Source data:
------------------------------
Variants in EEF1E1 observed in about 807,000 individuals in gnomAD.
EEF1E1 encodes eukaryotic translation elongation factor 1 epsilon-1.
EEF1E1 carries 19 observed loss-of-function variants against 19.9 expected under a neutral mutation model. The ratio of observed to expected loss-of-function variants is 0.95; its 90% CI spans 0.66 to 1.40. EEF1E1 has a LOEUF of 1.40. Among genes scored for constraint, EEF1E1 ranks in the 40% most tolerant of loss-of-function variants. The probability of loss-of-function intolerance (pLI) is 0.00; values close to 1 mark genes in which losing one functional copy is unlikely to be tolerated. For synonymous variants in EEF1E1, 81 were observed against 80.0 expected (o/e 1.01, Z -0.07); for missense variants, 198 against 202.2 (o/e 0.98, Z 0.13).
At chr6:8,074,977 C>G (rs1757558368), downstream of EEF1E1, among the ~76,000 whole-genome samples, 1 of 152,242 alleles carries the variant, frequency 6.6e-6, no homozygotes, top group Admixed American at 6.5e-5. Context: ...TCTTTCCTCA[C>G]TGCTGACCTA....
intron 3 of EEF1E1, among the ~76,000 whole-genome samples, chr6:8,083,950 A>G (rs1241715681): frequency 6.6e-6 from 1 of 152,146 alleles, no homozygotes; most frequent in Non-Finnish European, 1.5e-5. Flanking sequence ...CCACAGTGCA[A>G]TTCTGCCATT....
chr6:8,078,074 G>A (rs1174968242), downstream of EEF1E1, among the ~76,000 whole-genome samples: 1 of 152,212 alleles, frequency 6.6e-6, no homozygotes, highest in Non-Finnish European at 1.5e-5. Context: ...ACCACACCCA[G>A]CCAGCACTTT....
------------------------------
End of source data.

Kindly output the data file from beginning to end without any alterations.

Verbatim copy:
Variants in EEF1E1 observed in about 807,000 individuals in gnomAD.
EEF1E1 encodes eukaryotic translation elongation factor 1 epsilon-1.
EEF1E1 carries 19 observed loss-of-function variants against 19.9 expected under a neutral mutation model. The ratio of observed to expected loss-of-function variants is 0.95; its 90% CI spans 0.66 to 1.40. EEF1E1 has a LOEUF of 1.40. Among genes scored for constraint, EEF1E1 ranks in the 40% most tolerant of loss-of-function variants. The probability of loss-of-function intolerance (pLI) is 0.00; values close to 1 mark genes in which losing one functional copy is unlikely to be tolerated. For synonymous variants in EEF1E1, 81 were observed against 80.0 expected (o/e 1.01, Z -0.07); for missense variants, 198 against 202.2 (o/e 0.98, Z 0.13).
At chr6:8,074,977 C>G (rs1757558368), downstream of EEF1E1, among the ~76,000 whole-genome samples, 1 of 152,242 alleles carries the variant, frequency 6.6e-6, no homozygotes, top group Admixed American at 6.5e-5. Context: ...TCTTTCCTCA[C>G]TGCTGACCTA....
intron 3 of EEF1E1, among the ~76,000 whole-genome samples, chr6:8,083,950 A>G (rs1241715681): frequency 6.6e-6 from 1 of 152,146 alleles, no homozygotes; most frequent in Non-Finnish European, 1.5e-5. Flanking sequence ...CCACAGTGCA[A>G]TTCTGCCATT....
chr6:8,078,074 G>A (rs1174968242), downstream of EEF1E1, among the ~76,000 whole-genome samples: 1 of 152,212 alleles, frequency 6.6e-6, no homozygotes, highest in Non-Finnish European at 1.5e-5. Context: ...ACCACACCCA[G>A]CCAGCACTTT....